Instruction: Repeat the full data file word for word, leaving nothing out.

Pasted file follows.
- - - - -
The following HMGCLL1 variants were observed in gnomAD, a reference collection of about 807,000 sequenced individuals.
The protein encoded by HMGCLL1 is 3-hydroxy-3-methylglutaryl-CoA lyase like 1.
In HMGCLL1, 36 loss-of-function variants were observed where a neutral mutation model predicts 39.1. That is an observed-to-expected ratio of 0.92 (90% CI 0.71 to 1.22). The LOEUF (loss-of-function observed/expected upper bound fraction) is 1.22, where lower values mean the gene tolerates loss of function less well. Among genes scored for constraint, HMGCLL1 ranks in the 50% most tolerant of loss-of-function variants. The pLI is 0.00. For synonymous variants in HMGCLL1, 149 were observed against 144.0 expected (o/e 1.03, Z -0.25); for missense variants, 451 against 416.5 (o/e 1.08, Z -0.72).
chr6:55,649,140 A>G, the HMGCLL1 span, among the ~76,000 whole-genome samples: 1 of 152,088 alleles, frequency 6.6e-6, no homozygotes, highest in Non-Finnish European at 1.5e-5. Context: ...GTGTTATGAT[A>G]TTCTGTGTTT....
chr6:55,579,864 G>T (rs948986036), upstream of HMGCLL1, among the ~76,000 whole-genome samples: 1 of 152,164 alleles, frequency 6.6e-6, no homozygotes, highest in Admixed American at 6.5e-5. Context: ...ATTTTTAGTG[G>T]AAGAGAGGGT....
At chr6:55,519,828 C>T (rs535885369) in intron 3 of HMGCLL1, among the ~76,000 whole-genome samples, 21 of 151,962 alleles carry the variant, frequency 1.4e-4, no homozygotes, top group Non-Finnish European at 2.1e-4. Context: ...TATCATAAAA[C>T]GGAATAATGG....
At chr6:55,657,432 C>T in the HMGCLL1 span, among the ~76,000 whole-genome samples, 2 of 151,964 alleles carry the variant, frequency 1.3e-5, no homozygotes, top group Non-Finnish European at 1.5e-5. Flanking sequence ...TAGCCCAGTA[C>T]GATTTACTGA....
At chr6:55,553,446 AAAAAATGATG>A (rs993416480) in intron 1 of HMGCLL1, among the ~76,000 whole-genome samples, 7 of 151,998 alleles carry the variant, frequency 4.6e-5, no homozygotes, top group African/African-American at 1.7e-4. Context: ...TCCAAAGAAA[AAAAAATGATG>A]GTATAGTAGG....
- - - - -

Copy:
The following HMGCLL1 variants were observed in gnomAD, a reference collection of about 807,000 sequenced individuals.
The protein encoded by HMGCLL1 is 3-hydroxy-3-methylglutaryl-CoA lyase like 1.
In HMGCLL1, 36 loss-of-function variants were observed where a neutral mutation model predicts 39.1. That is an observed-to-expected ratio of 0.92 (90% CI 0.71 to 1.22). The LOEUF (loss-of-function observed/expected upper bound fraction) is 1.22, where lower values mean the gene tolerates loss of function less well. Among genes scored for constraint, HMGCLL1 ranks in the 50% most tolerant of loss-of-function variants. The pLI is 0.00. For synonymous variants in HMGCLL1, 149 were observed against 144.0 expected (o/e 1.03, Z -0.25); for missense variants, 451 against 416.5 (o/e 1.08, Z -0.72).
chr6:55,649,140 A>G, the HMGCLL1 span, among the ~76,000 whole-genome samples: 1 of 152,088 alleles, frequency 6.6e-6, no homozygotes, highest in Non-Finnish European at 1.5e-5. Context: ...GTGTTATGAT[A>G]TTCTGTGTTT....
chr6:55,579,864 G>T (rs948986036), upstream of HMGCLL1, among the ~76,000 whole-genome samples: 1 of 152,164 alleles, frequency 6.6e-6, no homozygotes, highest in Admixed American at 6.5e-5. Context: ...ATTTTTAGTG[G>T]AAGAGAGGGT....
At chr6:55,519,828 C>T (rs535885369) in intron 3 of HMGCLL1, among the ~76,000 whole-genome samples, 21 of 151,962 alleles carry the variant, frequency 1.4e-4, no homozygotes, top group Non-Finnish European at 2.1e-4. Context: ...TATCATAAAA[C>T]GGAATAATGG....
At chr6:55,657,432 C>T in the HMGCLL1 span, among the ~76,000 whole-genome samples, 2 of 151,964 alleles carry the variant, frequency 1.3e-5, no homozygotes, top group Non-Finnish European at 1.5e-5. Flanking sequence ...TAGCCCAGTA[C>T]GATTTACTGA....
At chr6:55,553,446 AAAAAATGATG>A (rs993416480) in intron 1 of HMGCLL1, among the ~76,000 whole-genome samples, 7 of 151,998 alleles carry the variant, frequency 4.6e-5, no homozygotes, top group African/African-American at 1.7e-4. Context: ...TCCAAAGAAA[AAAAAATGATG>A]GTATAGTAGG....